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NCJ Number: 182880 Find in a Library
Title: Law Officer's Pocket Manual, 2000 Edition
Author(s): John G. Miles Jr.; David B. Richardson; Anthony E. Scudellari
Editor(s): Hugh B. Kaplan
Date Published: 2000
Page Count: 169
Sponsoring Agency: Bureau of National Affairs
Washington, DC 20037
Publication Number: ISBN 1-57018-177-2
Sale Source: Bureau of National Affairs
1231 25th Street, NW
Washington, DC 20037
United States of America
Format: Book (Softbound)
Language: English
Country: United States of America
Annotation: This manual aims to provide police personnel with a compact source of basic operational knowledge of the impact of constitutional law on police practices; the manual is not a guide to police technique and is not intended to supplant or modify detailed local and departmental regulations.
Abstract: The manual uses a situational format for use at the operational level. Most chapters include blank space to allow officers to note local and departmental rules that they deem pertinent. The statements and rules in the manual are derived from the most recent United States Supreme Court decisions wherever possible. It reflects decisions through the end of the Court’s 1998-99 term, which ended in June 1999. Thus, the information represents actions that the Constitution permits, requires, or forbids, although it does not necessarily represent the only course of action permissible. Individual sections cover police-citizen encounters, identifications, arrest, searches incident to arrest, interrogation, search and seizure, surveillance and preservation of evidence, entrapment, and issues related to persons with disabilities. Topics include police activities that require no evidence of wrongdoing, investigative detention, the use of Miranda warnings, probable cause for searches with warrants, warrantless searches, and others. List of case references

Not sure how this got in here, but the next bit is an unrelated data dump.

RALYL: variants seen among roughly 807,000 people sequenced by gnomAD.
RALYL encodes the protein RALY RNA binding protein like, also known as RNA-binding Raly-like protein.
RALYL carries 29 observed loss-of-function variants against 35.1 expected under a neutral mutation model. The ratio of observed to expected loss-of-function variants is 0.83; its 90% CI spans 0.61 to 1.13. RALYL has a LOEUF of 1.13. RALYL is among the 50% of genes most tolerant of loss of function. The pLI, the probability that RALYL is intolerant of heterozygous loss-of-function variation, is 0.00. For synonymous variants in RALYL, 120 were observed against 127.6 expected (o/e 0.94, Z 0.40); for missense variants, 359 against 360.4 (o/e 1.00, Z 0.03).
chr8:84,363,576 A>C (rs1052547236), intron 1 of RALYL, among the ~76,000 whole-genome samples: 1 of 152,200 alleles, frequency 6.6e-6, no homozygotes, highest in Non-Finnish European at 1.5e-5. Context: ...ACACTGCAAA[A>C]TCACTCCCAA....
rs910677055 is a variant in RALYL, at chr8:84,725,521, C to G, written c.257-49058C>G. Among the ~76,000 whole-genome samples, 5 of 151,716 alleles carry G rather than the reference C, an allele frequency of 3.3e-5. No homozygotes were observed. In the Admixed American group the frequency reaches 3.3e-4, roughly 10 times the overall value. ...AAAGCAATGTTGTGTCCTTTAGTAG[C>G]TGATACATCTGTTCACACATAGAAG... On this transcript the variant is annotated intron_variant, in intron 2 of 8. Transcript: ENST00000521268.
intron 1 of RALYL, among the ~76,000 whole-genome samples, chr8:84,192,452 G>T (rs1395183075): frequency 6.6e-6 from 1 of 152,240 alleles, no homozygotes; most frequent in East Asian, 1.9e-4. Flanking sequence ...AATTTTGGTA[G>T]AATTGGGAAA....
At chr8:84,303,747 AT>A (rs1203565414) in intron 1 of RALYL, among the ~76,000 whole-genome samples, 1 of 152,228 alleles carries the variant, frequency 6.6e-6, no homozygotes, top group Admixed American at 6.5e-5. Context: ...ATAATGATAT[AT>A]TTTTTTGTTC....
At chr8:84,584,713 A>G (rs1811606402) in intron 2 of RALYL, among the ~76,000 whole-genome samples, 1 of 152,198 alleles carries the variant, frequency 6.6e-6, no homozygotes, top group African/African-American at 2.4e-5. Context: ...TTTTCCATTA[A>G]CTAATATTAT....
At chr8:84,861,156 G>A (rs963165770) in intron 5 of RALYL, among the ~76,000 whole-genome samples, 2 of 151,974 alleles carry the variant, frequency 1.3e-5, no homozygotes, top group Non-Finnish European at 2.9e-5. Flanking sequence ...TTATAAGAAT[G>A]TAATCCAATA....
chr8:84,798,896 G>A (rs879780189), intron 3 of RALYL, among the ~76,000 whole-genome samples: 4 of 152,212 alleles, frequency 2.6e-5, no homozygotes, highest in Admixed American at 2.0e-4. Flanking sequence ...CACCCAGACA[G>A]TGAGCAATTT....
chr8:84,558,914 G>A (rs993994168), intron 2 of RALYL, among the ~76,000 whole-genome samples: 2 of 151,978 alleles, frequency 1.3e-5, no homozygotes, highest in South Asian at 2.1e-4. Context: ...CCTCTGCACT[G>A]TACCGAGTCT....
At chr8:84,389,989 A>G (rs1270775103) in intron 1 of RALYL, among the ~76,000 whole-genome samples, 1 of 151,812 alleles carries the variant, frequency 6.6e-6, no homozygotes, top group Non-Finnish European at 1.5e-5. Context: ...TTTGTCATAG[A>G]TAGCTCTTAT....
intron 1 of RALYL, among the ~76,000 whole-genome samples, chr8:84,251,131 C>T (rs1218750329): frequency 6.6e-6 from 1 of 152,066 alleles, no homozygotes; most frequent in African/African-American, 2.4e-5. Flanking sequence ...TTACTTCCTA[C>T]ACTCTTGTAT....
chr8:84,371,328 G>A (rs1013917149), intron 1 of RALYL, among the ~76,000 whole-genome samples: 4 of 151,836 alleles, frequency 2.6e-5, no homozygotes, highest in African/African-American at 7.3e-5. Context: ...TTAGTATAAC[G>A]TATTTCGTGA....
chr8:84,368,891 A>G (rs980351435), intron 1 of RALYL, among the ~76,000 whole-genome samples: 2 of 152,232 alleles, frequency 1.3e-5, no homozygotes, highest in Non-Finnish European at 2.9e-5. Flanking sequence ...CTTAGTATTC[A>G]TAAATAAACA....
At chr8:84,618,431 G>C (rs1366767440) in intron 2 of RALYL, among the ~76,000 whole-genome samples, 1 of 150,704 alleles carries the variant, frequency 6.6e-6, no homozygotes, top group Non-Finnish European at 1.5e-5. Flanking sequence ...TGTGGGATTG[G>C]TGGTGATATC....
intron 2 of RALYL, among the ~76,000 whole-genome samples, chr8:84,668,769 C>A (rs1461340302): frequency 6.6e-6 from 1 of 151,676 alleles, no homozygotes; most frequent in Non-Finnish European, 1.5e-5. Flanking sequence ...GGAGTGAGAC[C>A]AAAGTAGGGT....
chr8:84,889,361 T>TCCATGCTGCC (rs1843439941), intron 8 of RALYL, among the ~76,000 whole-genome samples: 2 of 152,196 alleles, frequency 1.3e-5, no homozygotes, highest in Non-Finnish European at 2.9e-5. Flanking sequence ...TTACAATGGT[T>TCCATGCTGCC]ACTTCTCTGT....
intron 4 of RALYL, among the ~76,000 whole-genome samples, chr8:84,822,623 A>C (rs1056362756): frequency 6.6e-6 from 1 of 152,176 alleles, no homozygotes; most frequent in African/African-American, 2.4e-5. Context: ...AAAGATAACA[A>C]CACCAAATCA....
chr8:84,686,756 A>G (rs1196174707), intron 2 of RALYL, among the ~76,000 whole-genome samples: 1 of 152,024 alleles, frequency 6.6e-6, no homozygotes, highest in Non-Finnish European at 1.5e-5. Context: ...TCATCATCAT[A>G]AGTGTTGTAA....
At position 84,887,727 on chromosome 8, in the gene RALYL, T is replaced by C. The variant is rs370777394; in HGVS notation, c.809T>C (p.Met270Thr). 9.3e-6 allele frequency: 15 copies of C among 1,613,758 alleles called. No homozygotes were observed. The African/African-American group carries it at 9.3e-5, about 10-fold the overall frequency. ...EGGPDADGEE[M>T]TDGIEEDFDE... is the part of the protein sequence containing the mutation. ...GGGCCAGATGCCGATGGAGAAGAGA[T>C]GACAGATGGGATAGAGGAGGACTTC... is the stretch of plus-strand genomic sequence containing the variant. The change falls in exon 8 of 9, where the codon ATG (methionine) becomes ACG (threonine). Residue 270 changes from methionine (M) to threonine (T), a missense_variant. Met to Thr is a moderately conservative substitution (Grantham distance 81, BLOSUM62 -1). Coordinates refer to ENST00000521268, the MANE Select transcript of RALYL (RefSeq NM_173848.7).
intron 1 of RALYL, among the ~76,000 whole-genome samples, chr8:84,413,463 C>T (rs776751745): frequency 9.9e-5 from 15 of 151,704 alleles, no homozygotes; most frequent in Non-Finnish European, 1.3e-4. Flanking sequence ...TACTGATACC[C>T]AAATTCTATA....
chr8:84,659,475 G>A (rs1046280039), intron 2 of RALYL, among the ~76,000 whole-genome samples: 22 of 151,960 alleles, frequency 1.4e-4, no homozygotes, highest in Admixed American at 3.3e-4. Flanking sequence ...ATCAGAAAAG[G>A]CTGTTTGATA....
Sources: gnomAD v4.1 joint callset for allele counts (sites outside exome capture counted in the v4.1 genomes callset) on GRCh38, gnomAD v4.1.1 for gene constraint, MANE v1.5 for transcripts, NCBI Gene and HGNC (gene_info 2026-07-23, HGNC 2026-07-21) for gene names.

Main Term(s): Police policies and procedures
Index Term(s): Arrest and apprehension; Arrest procedures; Police discretion; Police legal limitations; Police responsibilities; Police surveillance training; Police-citizen interactions; Search and seizure laws; US Supreme Court decisions
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